World War II

This is a book in the expansive American tradition of long, well-researched historical works on political topics with broad appeal, written in an accessible style for a popular audience. David Nasaw has not previously worked on displaced persons, but he is the author of several big biographies, most recently of political patriarch Joseph P. Kennedy.

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In its long war in Afghanistan, Australia lost forty-one soldiers. These deaths were felt keenly, and usually the prime minister, other senior politicians, and army chiefs attended the funerals. In addition, more than 260 soldiers were wounded. Service in Afghanistan was trying and demanding. Yet, while Special Forces units were constantly rotated through numerous deployments, at any particular time fewer than 2,000 Australian soldiers were serving in Afghanistan. ... (read more)

No Place to Lay One’s Head by Françoise Frenkel, translated by Stephanie Smee

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When German forces invaded France on 10 May 1940, the French signed an armistice that facilitated limited French sovereignty in the south, the section of the country not yet overrun by German troops. On 10 July 1940 the French Parliament elected a new, collaborationist regime under former general Philippe Pétain ...

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In his introduction to this book, Richard Toye makes the startling but, as far as I know, accurate claim that this is the first book to offer a comprehensive analysis of Churchill’s wartime speeches. For a series of orations that now occupy many pages of any dictionary of quotations, The Roar of the Lion fills a surprising gap. Unfortunately, it does not fi ...

Michael Fullilove, head of the Lowy Institute, has written about President Roosevelt and the men who helped him to guide the US so reluctantly into World War II. Dennis Altman reviews this model of academic research.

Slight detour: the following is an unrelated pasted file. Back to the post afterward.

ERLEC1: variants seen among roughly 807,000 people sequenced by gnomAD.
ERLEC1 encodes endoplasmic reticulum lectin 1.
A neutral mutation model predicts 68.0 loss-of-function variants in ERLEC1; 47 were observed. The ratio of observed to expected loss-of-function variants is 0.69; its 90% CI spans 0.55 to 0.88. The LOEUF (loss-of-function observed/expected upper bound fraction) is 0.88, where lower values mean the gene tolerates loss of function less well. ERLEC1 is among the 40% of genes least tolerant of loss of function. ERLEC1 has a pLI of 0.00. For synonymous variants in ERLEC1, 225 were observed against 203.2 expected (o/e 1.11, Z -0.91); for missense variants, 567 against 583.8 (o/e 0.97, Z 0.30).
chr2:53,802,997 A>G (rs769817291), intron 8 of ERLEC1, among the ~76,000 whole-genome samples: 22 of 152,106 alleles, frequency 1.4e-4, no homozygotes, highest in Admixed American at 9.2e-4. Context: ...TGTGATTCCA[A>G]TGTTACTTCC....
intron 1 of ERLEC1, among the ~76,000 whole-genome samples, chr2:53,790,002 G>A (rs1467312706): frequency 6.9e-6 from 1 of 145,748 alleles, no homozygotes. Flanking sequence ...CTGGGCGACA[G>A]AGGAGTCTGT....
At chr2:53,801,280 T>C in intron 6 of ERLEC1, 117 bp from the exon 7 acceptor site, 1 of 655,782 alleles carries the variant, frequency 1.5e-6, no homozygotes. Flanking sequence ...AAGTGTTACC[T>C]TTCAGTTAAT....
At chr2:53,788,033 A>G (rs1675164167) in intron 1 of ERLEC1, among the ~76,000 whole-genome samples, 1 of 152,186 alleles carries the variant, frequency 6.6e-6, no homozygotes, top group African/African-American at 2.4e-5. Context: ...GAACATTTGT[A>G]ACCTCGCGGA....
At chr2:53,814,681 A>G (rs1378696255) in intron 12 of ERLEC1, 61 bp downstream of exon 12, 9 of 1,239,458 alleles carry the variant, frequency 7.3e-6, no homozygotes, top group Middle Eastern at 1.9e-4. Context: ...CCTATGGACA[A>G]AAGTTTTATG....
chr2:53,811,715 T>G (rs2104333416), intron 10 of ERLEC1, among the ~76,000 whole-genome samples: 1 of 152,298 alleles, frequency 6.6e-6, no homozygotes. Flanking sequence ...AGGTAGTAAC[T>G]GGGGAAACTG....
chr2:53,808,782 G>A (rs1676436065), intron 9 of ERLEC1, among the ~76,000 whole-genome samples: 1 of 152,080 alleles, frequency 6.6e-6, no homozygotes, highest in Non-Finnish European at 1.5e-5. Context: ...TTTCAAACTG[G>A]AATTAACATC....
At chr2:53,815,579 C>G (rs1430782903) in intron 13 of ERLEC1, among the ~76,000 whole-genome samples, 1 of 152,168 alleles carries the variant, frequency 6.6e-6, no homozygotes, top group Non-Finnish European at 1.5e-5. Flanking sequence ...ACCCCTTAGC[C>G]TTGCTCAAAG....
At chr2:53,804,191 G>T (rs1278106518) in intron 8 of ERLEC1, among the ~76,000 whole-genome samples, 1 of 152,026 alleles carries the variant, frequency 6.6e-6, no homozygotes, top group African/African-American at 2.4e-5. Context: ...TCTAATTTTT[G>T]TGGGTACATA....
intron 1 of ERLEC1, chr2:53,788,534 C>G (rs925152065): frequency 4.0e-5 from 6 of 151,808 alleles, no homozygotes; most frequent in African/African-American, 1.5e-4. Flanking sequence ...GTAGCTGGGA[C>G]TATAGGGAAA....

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Too often histories of World War II either have ‘total’ in their title or make great play with total war as a concept. Essentially this is meaningless, because all that is meant by total war is big war. Antony Beevor mercifully does not call World War II ‘total’ or make any reference to total war.

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Where would Australian publishers and bookshops be without popular military history? Door-stoppers with their green-and-brown dust jackets that shout ‘epic’ and ‘Anzac’, ‘hell’ and ‘tragedy’, might be less lucrative than cooking, diet, and self-help books, but they are up there with cricket memoirs and true crime. Where would we book-buyers be withou ...

For long after World War II, particular opprobrium was reserved for the statesmen who failed to resist the belligerent dictators. Their failure was denounced in the popular tract Guilty Men, which appeared in 1940 soon after Hitler overran Western Europe, leaving Britain to fight on alone ...

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It is a brave undertaking to write a single-volume history of World War II. As Max Hastings notes, we already have many good books in this category: Weinberg, A World At Arms: A Global History of World War II (1994); Calvocoressi, Wint, and Pritchard, Total War: The Causes and Courses of the Second World War (1989); Millett and Murray, A War To ...

Of the fate of Australian prisoners of war in the hands of the Japanese during World War II, the literature – memoir, fiction, history – is voluminous. There were 21,652 of them, of whom thirty-five per cent, or 7780, perished. A good deal has also been written of enemy prisoners – Japanese, German, Italian – who were held in camps in this country, and in pa ...

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